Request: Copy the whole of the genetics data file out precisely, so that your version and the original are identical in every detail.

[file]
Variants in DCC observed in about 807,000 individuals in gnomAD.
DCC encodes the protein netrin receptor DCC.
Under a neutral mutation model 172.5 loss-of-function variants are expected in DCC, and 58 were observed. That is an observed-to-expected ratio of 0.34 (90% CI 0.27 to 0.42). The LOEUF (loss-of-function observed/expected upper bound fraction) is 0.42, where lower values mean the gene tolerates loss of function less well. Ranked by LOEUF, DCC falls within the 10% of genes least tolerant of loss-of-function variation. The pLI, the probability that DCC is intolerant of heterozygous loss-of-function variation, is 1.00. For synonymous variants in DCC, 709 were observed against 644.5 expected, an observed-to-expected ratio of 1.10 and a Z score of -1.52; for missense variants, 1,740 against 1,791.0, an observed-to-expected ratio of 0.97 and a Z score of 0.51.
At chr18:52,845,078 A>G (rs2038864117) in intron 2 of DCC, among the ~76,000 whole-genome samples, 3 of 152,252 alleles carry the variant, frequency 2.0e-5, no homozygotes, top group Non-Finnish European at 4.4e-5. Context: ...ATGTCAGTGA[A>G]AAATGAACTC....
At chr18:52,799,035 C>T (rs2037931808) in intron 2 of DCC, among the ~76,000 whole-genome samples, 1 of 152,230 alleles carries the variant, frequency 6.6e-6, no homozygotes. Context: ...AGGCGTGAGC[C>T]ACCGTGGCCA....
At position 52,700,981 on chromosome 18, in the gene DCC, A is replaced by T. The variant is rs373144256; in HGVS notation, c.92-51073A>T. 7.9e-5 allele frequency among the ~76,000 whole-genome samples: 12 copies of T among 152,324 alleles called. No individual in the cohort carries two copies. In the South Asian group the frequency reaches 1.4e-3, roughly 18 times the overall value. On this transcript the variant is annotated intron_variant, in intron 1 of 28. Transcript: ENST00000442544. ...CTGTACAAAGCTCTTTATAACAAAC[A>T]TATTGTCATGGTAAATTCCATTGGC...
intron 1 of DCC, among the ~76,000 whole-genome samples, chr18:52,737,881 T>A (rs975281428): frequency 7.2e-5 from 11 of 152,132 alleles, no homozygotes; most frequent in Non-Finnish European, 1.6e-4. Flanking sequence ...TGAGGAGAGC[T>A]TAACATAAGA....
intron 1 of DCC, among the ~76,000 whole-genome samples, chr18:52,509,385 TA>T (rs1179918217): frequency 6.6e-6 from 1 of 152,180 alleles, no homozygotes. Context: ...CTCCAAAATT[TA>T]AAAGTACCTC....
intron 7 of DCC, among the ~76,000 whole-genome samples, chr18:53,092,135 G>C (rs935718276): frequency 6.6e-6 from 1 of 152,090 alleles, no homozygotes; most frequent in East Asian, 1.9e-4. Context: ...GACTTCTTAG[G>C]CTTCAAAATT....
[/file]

Variants in DCC observed in about 807,000 individuals in gnomAD.
DCC encodes the protein netrin receptor DCC.
Under a neutral mutation model 172.5 loss-of-function variants are expected in DCC, and 58 were observed. That is an observed-to-expected ratio of 0.34 (90% CI 0.27 to 0.42). The LOEUF (loss-of-function observed/expected upper bound fraction) is 0.42, where lower values mean the gene tolerates loss of function less well. Ranked by LOEUF, DCC falls within the 10% of genes least tolerant of loss-of-function variation. The pLI, the probability that DCC is intolerant of heterozygous loss-of-function variation, is 1.00. For synonymous variants in DCC, 709 were observed against 644.5 expected, an observed-to-expected ratio of 1.10 and a Z score of -1.52; for missense variants, 1,740 against 1,791.0, an observed-to-expected ratio of 0.97 and a Z score of 0.51.
At chr18:52,845,078 A>G (rs2038864117) in intron 2 of DCC, among the ~76,000 whole-genome samples, 3 of 152,252 alleles carry the variant, frequency 2.0e-5, no homozygotes, top group Non-Finnish European at 4.4e-5. Context: ...ATGTCAGTGA[A>G]AAATGAACTC....
At chr18:52,799,035 C>T (rs2037931808) in intron 2 of DCC, among the ~76,000 whole-genome samples, 1 of 152,230 alleles carries the variant, frequency 6.6e-6, no homozygotes. Context: ...AGGCGTGAGC[C>T]ACCGTGGCCA....
At position 52,700,981 on chromosome 18, in the gene DCC, A is replaced by T. The variant is rs373144256; in HGVS notation, c.92-51073A>T. 7.9e-5 allele frequency among the ~76,000 whole-genome samples: 12 copies of T among 152,324 alleles called. No individual in the cohort carries two copies. In the South Asian group the frequency reaches 1.4e-3, roughly 18 times the overall value. On this transcript the variant is annotated intron_variant, in intron 1 of 28. Transcript: ENST00000442544. ...CTGTACAAAGCTCTTTATAACAAAC[A>T]TATTGTCATGGTAAATTCCATTGGC...
intron 1 of DCC, among the ~76,000 whole-genome samples, chr18:52,737,881 T>A (rs975281428): frequency 7.2e-5 from 11 of 152,132 alleles, no homozygotes; most frequent in Non-Finnish European, 1.6e-4. Flanking sequence ...TGAGGAGAGC[T>A]TAACATAAGA....
intron 1 of DCC, among the ~76,000 whole-genome samples, chr18:52,509,385 TA>T (rs1179918217): frequency 6.6e-6 from 1 of 152,180 alleles, no homozygotes. Context: ...CTCCAAAATT[TA>T]AAAGTACCTC....
intron 7 of DCC, among the ~76,000 whole-genome samples, chr18:53,092,135 G>C (rs935718276): frequency 6.6e-6 from 1 of 152,090 alleles, no homozygotes; most frequent in East Asian, 1.9e-4. Context: ...GACTTCTTAG[G>C]CTTCAAAATT....